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    • A CME was organised incolobauration with Vision 2020 ,  on OPeration theatre Management  on 23rd  June , 2013.

    • Mini sceral contact lenses are now included in regular sevices  at Cornea foundation.

    • Intacs for Keratoconus are started.

    • Special treatment for dry patients 


Cornea Keratorefactive Surgery


Thoughtful keratorefractive surgeons and vision scientists understand that problems continue to exist with keratorefractive surgery that are independent of refractive predictability. An impressive body of literature exists on which to base this belief. One can easily lose sight of this literature in the groundswell of enthusiasm for refractive surgery, which has been caused by recent improvements in short-term refractive accuracy. We cannot afford to be unaware. The issues involved have too great an implication for the public health.
We need to think in detail about corneal optics after refractive surgery because the normal cornea is relatively trouble-free. The cornea after refractive surgery is not trouble-free. It frequenlty has a more aberrated optical performance than its preoperative counterpart. It is often unstable during diurnal cycles and in time periods measured in months and years. Its optical performance can even change instantaneously with changes in pupil size. It can impair peripheral vision more than central vision. Most seriously, it can impair night vision more than day vision by a pernicious combination of factors, and it is irreversible. Once done, there is no return to the preoperative state. Contact lens and spetacles do not permanently alter the physiologic optics of the eye. Refractive sugery does.
When one alters irreversibly the most trouble-free component of the human visual system, one runs the risk of compounding the visual aberration caused by components of the visual system that characteristically show dysfunction with age (the lens and macula.) The young to middle-aged population now seeking refractive surgery will in 30 to 40 years be part of the swelling population over age 55. This population is predicted to increase by 82% between 1980 and 2030. How many keratorefractive patients who can compensate for their aberrated cornea will be able to do so when the lens and macula develop age related changes? How much sooner will they require cataract surgery or visual aids for macular degeneration? These questions have important public health implications.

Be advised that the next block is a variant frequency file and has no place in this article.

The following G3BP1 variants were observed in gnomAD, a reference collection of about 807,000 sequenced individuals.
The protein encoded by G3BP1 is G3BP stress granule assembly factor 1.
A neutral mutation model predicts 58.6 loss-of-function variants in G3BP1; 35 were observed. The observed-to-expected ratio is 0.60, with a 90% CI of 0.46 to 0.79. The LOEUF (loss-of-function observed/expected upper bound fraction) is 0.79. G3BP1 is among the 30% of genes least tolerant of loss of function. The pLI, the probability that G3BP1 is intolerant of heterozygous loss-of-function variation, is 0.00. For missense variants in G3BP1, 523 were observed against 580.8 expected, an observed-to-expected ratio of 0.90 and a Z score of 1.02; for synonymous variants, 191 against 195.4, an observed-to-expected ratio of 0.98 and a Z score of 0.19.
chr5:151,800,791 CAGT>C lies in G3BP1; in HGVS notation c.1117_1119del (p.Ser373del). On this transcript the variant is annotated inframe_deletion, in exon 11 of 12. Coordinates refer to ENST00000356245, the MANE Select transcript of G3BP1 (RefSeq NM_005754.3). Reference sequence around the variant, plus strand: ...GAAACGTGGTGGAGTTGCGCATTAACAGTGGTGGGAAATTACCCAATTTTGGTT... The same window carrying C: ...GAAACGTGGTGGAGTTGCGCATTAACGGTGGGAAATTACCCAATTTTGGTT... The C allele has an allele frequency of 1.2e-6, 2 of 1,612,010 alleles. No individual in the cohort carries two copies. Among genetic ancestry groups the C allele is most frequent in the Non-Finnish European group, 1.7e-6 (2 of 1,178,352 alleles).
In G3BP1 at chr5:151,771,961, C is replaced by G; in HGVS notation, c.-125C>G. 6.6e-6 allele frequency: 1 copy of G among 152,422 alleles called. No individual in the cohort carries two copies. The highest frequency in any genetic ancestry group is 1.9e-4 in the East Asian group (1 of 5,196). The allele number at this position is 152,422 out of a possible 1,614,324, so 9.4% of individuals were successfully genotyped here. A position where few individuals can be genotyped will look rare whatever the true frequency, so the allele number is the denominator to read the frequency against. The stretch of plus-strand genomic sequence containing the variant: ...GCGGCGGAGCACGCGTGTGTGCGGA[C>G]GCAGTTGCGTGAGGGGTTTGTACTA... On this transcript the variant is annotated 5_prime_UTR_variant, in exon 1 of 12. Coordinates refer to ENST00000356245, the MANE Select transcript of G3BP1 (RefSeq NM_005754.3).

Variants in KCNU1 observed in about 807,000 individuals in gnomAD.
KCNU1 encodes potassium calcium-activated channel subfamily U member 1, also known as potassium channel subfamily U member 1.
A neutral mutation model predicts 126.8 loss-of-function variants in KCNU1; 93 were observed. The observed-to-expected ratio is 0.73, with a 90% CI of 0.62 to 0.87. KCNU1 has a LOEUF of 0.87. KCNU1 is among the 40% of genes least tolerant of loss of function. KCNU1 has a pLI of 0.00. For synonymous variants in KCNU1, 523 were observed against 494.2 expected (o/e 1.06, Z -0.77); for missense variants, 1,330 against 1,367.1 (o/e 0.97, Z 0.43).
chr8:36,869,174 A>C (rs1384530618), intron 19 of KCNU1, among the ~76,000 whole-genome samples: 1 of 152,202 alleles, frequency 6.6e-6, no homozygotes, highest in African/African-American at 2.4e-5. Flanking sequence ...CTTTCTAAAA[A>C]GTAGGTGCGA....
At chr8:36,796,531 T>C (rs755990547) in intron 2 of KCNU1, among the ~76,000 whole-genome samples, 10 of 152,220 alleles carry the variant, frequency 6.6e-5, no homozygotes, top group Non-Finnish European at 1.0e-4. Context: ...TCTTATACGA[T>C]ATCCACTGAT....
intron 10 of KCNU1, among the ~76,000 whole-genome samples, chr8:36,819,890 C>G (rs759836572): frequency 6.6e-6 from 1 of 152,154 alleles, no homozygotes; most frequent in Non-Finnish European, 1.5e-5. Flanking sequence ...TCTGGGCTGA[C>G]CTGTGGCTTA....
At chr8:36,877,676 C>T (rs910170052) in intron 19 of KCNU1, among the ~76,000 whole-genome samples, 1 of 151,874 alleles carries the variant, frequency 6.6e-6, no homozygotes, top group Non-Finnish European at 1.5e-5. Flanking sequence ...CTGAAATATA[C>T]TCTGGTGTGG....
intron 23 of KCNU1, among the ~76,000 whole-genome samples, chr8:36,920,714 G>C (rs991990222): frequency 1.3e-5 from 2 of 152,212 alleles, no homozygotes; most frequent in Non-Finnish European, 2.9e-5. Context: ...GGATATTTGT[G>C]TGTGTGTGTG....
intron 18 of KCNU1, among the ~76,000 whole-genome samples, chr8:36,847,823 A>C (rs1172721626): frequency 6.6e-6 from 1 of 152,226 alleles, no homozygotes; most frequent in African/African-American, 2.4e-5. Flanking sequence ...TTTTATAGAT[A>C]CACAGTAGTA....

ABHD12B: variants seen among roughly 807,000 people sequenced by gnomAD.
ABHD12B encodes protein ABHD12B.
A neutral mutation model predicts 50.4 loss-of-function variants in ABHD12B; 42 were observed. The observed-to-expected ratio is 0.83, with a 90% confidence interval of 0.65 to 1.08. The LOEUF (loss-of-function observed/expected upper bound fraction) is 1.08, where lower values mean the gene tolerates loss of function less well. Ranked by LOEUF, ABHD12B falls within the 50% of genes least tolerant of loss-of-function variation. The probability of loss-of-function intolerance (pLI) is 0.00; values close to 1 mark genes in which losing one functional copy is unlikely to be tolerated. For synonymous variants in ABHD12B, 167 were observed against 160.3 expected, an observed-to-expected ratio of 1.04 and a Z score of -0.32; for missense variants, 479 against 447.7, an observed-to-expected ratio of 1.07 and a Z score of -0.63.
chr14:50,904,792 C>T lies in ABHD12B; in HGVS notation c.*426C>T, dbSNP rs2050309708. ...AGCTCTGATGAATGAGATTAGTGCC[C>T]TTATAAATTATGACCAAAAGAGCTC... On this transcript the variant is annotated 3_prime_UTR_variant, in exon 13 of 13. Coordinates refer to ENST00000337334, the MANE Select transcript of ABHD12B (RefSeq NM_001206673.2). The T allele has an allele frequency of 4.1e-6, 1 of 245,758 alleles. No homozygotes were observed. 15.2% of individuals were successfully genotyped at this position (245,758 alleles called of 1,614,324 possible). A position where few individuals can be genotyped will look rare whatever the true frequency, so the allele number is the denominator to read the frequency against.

Consumer groups are concerned about these issues. They note that most patients who undergo refractive procedures are responding to advertising. In 1988 Consumer Reports magazine reviewed the data on radial keratomy and advised its readers against the procedure. They reconfirmed that judgment in their 1992 health letter.
Many reasonable refractive surgeons will listen politely to the various types of arguments, but they will say the arguments are moot now that refractive practice is so successful. Emmetropia is achieved in ever increasing numbers of patients. Patients are happy. The number of refractive procedures increases as even the staunchest critics of refractive surgery are forced to acknowledge its success or find their practice at a competitive disadvantage. These statements are made almost weekly in the trade journals. In short, why worry about refractive surgery as a potential public health hazard when everyone is happy and basking in success? To answer that question, one needs to understand the following ideas.